The Paris climate agreement has caused no shortage of headaches for political leaders around the world.
While some nations are working to reduce carbon emissions, others like India and China could, by some estimates, almost double their current emissions over the next decade.
Nowhere has the debate been fiercer than in Australia.
Some on the far-left would like Australia to be a ‘world leader’ and cut emissions far more than the Paris agreement mandates. They don’t appear bothered by the devastating impact the resulting rocketing energy costs would have on Australia’s economy and workers. Or the fact that much of the developing world won’t follow Australia’s lead regardless.
Former Prime Minister Tony Abbott has been a vocal opponent of the agreement in recent years. But with the change in the Coalition’s leadership, Abbott has reversed course.
Reason for the backflip
The former PM claims that he only signed the country up to the 2015 Paris climate agreement as he thought the target to reduce emissions could be achieved ‘without substantial policy change and without significant additional costs on the economy’.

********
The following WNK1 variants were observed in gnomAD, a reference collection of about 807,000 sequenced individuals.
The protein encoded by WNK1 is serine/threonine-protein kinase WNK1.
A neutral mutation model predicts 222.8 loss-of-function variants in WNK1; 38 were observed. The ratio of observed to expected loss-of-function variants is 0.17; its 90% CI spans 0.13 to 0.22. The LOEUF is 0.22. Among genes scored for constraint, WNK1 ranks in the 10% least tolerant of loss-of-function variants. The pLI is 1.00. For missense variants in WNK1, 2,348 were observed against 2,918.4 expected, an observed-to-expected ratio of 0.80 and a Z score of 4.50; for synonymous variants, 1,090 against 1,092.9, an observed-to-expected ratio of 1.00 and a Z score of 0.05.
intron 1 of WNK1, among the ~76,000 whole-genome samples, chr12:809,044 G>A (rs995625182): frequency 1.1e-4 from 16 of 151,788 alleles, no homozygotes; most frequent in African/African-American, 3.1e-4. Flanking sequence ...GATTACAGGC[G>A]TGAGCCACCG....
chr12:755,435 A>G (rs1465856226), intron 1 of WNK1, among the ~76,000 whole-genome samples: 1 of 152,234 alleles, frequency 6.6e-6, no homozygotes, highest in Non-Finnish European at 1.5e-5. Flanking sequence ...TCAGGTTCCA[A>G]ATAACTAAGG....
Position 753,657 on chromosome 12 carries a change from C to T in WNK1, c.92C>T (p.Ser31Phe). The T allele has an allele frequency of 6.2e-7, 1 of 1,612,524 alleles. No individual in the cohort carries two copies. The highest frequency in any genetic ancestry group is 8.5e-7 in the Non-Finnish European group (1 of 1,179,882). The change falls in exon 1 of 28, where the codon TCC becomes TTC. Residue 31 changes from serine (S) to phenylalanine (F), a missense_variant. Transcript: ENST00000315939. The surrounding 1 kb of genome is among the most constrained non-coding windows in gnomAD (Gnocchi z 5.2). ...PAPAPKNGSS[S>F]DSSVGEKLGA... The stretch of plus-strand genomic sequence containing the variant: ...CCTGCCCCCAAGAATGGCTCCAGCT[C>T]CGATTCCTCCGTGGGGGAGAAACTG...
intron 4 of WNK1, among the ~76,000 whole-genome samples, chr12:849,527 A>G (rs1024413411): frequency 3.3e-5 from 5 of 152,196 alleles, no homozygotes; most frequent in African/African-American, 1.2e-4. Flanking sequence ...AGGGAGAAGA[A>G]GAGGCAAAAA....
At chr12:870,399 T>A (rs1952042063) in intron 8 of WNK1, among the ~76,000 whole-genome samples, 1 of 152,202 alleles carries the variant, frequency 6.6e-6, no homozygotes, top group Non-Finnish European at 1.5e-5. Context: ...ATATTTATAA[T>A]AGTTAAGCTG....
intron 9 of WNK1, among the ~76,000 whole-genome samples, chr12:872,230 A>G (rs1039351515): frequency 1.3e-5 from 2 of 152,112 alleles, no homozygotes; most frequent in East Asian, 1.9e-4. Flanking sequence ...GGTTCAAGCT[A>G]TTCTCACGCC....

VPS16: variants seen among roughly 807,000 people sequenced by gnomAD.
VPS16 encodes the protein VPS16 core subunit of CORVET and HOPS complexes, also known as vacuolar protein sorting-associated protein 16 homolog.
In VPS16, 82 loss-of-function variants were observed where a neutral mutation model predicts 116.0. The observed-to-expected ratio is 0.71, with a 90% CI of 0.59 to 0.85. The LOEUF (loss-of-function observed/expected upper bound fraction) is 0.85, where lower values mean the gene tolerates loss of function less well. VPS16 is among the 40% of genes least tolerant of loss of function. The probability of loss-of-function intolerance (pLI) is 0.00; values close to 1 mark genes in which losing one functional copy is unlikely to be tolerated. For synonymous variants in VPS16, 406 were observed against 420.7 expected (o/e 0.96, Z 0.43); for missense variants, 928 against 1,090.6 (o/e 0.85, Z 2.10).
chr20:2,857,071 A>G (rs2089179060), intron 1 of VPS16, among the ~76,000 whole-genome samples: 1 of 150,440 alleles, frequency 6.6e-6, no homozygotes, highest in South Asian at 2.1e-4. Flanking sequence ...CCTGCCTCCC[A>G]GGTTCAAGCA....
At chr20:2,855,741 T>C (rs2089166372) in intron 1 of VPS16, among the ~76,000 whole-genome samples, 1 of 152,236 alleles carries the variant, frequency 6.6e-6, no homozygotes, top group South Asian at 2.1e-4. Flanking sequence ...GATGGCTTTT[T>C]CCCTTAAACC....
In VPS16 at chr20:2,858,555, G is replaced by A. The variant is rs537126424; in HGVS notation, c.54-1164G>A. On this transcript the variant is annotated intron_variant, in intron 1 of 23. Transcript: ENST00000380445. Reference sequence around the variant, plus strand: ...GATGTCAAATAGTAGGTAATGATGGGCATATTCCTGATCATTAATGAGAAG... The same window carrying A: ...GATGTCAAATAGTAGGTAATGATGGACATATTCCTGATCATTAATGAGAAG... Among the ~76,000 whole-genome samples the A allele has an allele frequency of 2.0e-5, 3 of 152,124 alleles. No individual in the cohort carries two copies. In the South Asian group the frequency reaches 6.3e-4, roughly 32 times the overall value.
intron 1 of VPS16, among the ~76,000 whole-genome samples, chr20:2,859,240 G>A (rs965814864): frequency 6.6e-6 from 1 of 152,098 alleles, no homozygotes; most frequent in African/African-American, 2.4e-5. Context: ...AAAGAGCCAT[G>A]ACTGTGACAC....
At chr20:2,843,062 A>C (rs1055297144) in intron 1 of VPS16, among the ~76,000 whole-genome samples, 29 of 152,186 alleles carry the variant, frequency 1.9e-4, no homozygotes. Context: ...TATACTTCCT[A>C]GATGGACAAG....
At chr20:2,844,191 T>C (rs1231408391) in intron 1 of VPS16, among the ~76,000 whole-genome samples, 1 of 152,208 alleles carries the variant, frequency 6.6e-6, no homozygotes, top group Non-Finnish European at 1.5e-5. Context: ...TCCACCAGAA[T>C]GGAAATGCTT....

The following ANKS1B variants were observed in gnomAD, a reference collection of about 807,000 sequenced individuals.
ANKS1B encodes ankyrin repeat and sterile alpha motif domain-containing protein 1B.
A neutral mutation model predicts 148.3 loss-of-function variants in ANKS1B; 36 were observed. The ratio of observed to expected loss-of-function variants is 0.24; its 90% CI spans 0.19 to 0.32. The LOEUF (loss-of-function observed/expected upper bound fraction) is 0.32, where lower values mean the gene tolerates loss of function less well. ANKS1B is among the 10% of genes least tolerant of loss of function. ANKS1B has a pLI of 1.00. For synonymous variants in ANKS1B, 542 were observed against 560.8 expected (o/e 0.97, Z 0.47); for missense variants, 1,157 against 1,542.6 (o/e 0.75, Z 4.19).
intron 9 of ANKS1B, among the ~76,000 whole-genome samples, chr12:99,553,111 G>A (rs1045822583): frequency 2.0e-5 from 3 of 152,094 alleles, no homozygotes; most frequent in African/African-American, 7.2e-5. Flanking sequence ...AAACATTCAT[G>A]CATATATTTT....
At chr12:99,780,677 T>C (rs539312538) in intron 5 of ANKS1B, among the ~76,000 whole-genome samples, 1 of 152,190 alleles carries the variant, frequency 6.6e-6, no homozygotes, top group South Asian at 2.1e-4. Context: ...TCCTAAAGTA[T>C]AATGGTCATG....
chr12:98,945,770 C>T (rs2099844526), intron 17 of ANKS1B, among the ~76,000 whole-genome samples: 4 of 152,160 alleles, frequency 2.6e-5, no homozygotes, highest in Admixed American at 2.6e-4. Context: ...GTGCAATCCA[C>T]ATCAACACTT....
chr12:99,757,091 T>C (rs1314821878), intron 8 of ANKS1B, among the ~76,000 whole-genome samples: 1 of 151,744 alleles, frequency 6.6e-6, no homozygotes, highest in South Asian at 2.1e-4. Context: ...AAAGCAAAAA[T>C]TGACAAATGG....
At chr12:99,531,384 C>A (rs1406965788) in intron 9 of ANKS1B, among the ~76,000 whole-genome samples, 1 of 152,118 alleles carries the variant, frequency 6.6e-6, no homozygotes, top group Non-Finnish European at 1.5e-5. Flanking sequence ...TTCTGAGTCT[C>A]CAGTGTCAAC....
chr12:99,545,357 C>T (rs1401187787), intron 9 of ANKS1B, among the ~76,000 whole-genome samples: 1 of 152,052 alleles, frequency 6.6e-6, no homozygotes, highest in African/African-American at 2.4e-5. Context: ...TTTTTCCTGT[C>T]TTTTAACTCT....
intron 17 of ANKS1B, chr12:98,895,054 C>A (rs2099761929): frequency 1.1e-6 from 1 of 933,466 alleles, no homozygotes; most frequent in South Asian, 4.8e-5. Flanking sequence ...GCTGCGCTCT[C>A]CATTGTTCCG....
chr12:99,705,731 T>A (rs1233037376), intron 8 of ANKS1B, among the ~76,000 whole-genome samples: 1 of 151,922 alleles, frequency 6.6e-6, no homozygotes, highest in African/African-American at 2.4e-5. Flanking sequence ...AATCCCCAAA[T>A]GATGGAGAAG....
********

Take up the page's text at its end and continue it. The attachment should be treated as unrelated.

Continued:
Once Turnbull overthrew Abbott as PM, he petitioned for Australia to follow in the footsteps of US President Donald Trump and abandon the agreement.
And now he’s done another backflip…
‘I certainly thought a few months ago that the only way to break the emissions obsession was to pull out of Paris,’ he told a Warringah candidates panel in Sydney on Friday.
‘I think that the government has lost its emissions obsession now that Angus Taylor is the energy minister so I don’t think it is now necessary … I’m not calling for us to pull out.’
Abbott was blunt when questioned about his change of mind:
‘We’ve got a new prime minister and a new energy minister.’
The last straw
The final nail in the coffin for campaigners to oust Turnbull as PM — which includes Abbott — in August last year was his national energy guarantee policy. This would’ve required electricity generators to reduce emission while achieving reliability standards, AAP reports.
Prime Minister Scott Morrison recently announced a $2 billion addition to Abbott’s emissions reduction fund — now known as the climate solutions fund — as well as Commonwealth funding for Turnbull’s hydro-electricity project, Snowy 2.0.
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